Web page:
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When is employee monitoring too much?

On Behalf of | Sep 18, 2023 | Business Law |

Businesses use monitoring tools to analyze employee productivity, fine-tune operations and curb internal theft. This can involve tracking activities on company-issued devices, recording audio and perusing employee emails, among other things. While these practices could make employees feel they are under constant observation, they are generally legal.

However, there are still certain areas where employers must protect employee privacy. Employers can turn to federal statutes for guidance when there are no specific state rules regarding monitoring and wiretapping.

Surveillance laws are fairly loose

Many public spaces, including shopping malls, parks and workplaces, use cameras to deter and capture illegal activities. According to the Electronic Communications Privacy Act, using video surveillance cameras to monitor and record citizens without their consent is permissible, provided that it does not record audio. Generally, anyone walking along Ohio sidewalks or cruising down the highway is under some surveillance.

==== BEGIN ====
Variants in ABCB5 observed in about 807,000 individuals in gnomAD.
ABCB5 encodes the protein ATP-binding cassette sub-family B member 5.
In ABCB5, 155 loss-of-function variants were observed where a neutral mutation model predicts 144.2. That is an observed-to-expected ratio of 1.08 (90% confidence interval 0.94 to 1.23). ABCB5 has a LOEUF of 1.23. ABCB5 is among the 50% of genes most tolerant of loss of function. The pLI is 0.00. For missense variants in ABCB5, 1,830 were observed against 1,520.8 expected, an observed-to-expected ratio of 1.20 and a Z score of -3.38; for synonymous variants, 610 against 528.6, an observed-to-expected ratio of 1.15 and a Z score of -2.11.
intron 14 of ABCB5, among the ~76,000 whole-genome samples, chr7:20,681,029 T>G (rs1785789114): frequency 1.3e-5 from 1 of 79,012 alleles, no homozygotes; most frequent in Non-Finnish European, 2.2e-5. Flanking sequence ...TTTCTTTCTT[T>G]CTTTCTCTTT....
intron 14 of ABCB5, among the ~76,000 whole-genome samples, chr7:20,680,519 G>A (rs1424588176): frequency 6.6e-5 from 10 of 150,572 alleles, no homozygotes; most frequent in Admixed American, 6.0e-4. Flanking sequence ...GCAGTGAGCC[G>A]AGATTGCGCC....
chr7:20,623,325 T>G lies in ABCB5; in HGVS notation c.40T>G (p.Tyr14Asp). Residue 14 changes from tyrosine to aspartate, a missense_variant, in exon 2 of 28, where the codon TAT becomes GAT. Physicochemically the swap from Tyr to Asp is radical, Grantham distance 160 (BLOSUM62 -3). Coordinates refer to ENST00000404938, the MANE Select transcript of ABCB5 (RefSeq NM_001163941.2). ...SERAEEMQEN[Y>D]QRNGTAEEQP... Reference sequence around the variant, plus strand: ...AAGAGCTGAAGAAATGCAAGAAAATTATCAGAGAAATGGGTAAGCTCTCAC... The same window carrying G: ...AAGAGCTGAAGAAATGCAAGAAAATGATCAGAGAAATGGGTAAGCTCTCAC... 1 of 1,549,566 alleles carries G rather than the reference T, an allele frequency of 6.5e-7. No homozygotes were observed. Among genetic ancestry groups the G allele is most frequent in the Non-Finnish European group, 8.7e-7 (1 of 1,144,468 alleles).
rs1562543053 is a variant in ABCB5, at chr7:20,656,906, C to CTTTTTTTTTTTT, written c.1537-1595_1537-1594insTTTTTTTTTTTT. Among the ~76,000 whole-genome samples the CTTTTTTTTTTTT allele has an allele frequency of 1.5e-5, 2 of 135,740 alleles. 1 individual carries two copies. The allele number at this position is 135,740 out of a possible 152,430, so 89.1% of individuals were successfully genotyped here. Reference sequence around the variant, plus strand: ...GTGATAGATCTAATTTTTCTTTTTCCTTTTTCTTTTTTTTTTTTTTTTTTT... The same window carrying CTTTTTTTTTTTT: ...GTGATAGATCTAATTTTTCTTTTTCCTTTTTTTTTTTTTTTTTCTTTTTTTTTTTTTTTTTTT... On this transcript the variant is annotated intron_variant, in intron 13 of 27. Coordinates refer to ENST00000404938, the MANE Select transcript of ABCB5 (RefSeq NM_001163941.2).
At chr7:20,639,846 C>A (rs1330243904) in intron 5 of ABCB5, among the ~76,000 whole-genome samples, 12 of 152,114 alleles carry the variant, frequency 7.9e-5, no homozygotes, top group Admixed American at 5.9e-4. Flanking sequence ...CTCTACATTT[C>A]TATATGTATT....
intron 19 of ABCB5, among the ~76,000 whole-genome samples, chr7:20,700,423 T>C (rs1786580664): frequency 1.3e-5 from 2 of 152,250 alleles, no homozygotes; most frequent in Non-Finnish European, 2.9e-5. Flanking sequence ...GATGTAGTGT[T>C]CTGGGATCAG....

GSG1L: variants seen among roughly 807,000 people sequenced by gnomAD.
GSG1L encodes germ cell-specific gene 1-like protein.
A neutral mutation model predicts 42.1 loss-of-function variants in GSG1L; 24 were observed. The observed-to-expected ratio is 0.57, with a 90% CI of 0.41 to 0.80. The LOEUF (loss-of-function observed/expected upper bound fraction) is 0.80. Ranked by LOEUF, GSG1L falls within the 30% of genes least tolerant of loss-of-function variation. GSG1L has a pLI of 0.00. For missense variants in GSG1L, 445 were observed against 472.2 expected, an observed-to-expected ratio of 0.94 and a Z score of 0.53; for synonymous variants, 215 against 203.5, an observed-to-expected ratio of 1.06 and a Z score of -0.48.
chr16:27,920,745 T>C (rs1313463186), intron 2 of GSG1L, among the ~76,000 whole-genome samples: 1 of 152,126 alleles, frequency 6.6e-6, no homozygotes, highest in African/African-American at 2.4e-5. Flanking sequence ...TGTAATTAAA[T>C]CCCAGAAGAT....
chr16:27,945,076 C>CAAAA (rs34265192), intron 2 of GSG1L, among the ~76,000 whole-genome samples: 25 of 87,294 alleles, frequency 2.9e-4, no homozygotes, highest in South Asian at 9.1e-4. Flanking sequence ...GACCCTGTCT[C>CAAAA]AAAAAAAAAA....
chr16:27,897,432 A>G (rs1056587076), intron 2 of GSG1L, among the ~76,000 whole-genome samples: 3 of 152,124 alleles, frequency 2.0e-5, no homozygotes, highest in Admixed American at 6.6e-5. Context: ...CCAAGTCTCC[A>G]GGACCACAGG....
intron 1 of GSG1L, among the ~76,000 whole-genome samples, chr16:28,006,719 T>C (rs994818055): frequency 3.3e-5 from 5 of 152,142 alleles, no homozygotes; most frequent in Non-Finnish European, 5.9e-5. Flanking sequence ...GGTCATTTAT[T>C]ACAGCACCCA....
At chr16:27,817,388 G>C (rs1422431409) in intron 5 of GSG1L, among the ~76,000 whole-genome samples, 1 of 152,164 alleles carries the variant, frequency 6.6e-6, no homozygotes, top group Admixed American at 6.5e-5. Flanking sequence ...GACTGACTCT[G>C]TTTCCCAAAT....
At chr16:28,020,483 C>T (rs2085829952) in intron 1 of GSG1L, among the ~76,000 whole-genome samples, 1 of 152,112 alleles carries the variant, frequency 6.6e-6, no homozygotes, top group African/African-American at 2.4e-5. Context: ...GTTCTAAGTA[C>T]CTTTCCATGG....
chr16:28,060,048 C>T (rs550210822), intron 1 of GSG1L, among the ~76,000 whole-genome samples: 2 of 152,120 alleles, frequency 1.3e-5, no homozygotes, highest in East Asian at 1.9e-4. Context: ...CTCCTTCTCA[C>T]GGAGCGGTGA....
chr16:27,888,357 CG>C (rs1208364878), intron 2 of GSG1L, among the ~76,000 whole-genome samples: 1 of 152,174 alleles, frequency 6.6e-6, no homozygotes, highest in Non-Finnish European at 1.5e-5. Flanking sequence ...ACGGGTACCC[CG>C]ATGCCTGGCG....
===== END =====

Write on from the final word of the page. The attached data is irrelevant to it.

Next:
Consequently, employers do not need to disclose that they are watching employees, nor are they required to obtain consent. As long as the video monitoring is for a legitimate business reason, employers can install certain surveillance tools as needed.

Not everything should be recorded

While laws on employee surveillance are lax, there are still boundaries. Implementing monitoring in certain areas where workers have a reasonable expectation of privacy is illegal. Employers who install cameras in restrooms, dressing rooms and locker rooms infringe on their employees’ privacy.

Employers in Ohio can listen in on employee business conversations as long as one of the participants consents. However, intercepting employees’ private conversations might lead to legal issues. Since employees often vent or discuss personal concerns in break rooms, monitoring these areas could be an issue.

Employees can expect to have limited privacy when they’re at work. However, this does not give employers leeway to record and capture everything they choose. Furthermore, even if using surveillance technologies is legal, overusing them could be detrimental to productivity and morale in the workplace.


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